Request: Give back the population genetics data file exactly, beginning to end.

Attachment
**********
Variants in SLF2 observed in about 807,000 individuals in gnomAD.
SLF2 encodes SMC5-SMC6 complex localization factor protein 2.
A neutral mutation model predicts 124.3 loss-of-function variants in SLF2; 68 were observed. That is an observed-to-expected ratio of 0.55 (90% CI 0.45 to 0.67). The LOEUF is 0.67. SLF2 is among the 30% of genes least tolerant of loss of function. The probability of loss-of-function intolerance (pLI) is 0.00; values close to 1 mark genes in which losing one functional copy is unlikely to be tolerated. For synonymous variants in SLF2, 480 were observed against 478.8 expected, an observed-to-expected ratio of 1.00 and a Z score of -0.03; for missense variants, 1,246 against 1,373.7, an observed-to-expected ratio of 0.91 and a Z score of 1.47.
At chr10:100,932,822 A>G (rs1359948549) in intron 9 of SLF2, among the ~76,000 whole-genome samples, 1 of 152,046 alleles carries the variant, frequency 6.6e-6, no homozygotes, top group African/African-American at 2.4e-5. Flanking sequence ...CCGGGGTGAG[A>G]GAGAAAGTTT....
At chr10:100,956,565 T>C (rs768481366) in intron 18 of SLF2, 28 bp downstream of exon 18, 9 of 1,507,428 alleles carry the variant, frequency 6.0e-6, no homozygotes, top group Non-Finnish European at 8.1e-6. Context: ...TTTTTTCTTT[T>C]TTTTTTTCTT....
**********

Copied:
Variants in SLF2 observed in about 807,000 individuals in gnomAD.
SLF2 encodes SMC5-SMC6 complex localization factor protein 2.
A neutral mutation model predicts 124.3 loss-of-function variants in SLF2; 68 were observed. That is an observed-to-expected ratio of 0.55 (90% CI 0.45 to 0.67). The LOEUF is 0.67. SLF2 is among the 30% of genes least tolerant of loss of function. The probability of loss-of-function intolerance (pLI) is 0.00; values close to 1 mark genes in which losing one functional copy is unlikely to be tolerated. For synonymous variants in SLF2, 480 were observed against 478.8 expected, an observed-to-expected ratio of 1.00 and a Z score of -0.03; for missense variants, 1,246 against 1,373.7, an observed-to-expected ratio of 0.91 and a Z score of 1.47.
At chr10:100,932,822 A>G (rs1359948549) in intron 9 of SLF2, among the ~76,000 whole-genome samples, 1 of 152,046 alleles carries the variant, frequency 6.6e-6, no homozygotes, top group African/African-American at 2.4e-5. Flanking sequence ...CCGGGGTGAG[A>G]GAGAAAGTTT....
At chr10:100,956,565 T>C (rs768481366) in intron 18 of SLF2, 28 bp downstream of exon 18, 9 of 1,507,428 alleles carry the variant, frequency 6.0e-6, no homozygotes, top group Non-Finnish European at 8.1e-6. Context: ...TTTTTTCTTT[T>C]TTTTTTTCTT....